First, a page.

As a career graphic designer and lifelong poet, I am an interdisciplinary artist drawn to the craft of art jewelry for its power to communicate. In my metalwork, I combine original verse, precious metals, and old-world goldsmithing techniques to explore contemporary themes of isolation, anxiety, and existential dread.
Her evocative works have been selected for inclusion in the Society of North American Goldsmiths As Good as Gold exhibition, the Enamel Guild North East Under Fire 3 and Under Fire 4 exhibitions, Belle Armoire Jewelry magazine (Winter 2018, 2019, 2020), and Linda Kozloff-Turner's forthcoming book 100 Women of Jewelry.
Teresa holds a BFA in Graphic Design from Kent State University (1992). She began her professional career as a cell animator and motion graphics designer for children's broadcast television. With the advancement of the internet in the mid-1990s, she moved her skills toward experimental nonlinear storytelling and later, web design for Fortune 1,000 companies. In 2004 she co-founded FORM, a creative services firm for nonprofits where she continues to serve as principal and chief creative officer. Her one-of-a-kind limited jewelry collections are available through her website with select pieces on offer at the Metal Museum. She works out of her studio near Cleveland, Ohio, USA.
From the Artist
I enrolled in my first metals workshop in midlife to keep myself busy through the end of a painful marriage. When my teen stepson died in 2015, I poured my grief into my fledgling metalwork. I made a bracelet in his memory, etched with a poem to him; in the months that followed, I was comforted by its presence. From within this loss, I found my voice.
Today, I create expressive narrative and memento mori jewelry. I have had a lifelong affinity for writing contemporary poetry, and the concepts I convey in my writing and metalwork coalesce throughout my creative process, each informing and inspiring the other.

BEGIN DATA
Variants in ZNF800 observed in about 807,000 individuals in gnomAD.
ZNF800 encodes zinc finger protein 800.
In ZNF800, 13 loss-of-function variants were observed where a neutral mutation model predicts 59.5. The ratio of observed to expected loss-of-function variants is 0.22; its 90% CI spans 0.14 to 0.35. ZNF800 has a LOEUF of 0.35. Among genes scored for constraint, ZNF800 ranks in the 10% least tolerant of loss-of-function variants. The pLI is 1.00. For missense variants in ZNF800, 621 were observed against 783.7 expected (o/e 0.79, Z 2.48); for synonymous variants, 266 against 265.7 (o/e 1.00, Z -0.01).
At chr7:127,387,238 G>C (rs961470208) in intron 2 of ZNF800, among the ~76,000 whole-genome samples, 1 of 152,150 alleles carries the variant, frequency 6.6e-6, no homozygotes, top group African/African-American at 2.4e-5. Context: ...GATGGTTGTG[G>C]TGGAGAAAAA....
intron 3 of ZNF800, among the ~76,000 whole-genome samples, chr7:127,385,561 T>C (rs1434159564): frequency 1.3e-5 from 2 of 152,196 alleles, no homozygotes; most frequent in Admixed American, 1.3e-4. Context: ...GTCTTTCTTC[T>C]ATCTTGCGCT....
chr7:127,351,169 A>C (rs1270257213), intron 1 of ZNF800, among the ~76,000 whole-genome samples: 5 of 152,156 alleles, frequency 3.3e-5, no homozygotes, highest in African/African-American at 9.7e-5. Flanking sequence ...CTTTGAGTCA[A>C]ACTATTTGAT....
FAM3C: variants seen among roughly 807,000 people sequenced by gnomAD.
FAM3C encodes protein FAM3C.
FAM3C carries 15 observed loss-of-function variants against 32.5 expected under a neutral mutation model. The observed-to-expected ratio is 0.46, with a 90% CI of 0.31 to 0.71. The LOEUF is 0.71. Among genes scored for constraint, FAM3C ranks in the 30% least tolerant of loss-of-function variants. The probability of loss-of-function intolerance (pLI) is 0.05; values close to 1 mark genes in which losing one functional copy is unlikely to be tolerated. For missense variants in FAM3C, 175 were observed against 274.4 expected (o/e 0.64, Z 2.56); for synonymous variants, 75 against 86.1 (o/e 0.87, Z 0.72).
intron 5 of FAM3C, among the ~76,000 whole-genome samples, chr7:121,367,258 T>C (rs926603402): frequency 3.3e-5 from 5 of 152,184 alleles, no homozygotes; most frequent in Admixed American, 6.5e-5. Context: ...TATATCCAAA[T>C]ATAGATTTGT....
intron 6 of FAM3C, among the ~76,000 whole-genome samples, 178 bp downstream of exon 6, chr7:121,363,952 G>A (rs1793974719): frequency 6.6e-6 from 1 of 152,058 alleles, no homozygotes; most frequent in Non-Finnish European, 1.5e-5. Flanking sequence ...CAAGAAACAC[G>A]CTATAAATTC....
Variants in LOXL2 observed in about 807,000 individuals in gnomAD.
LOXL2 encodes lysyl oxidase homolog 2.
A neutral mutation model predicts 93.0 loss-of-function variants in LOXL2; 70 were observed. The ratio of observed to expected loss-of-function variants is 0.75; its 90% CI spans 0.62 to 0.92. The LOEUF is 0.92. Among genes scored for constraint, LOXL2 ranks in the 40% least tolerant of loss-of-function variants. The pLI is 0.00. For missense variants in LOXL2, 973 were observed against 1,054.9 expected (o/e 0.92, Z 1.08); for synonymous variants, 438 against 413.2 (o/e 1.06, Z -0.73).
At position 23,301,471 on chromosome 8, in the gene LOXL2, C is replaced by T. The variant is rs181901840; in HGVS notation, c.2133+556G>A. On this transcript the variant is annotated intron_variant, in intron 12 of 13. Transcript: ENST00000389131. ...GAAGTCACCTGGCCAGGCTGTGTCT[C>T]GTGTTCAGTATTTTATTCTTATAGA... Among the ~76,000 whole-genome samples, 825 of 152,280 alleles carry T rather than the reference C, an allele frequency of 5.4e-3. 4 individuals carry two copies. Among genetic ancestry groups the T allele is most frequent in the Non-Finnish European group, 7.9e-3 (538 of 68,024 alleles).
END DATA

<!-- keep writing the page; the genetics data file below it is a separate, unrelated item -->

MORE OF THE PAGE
I was content to draw and daydream among the faded tintypes, abandoned bureaus, and ghosts.
I grew up in rural Ohio on my grandparent's defunct farm, wading through sighing corn fields under humming power lines. I delighted in my grandmother's drafty farmhouse, the crumbling 19th-century poetry books, and the hidden room filled with blurry snapshots, tissue flowers, and inky letters from dead ancestors. Enchanted in this landscape of mysterious artifacts, I was content to draw and daydream among the faded tintypes, abandoned bureaus, and ghosts.
At university, I trained in the aesthetics of the Swiss School of graphic design. Though I don't often employ the minimal style of my formal training in my jewelry work, the design principles of visual organization and typography remain ever present.
How and When to Buy
Because her pieces are one-of-a-kind, when a piece is sold, Teresa won't make another just like it. However, she often explores similar themes in new collections or adds new pieces to past collections.
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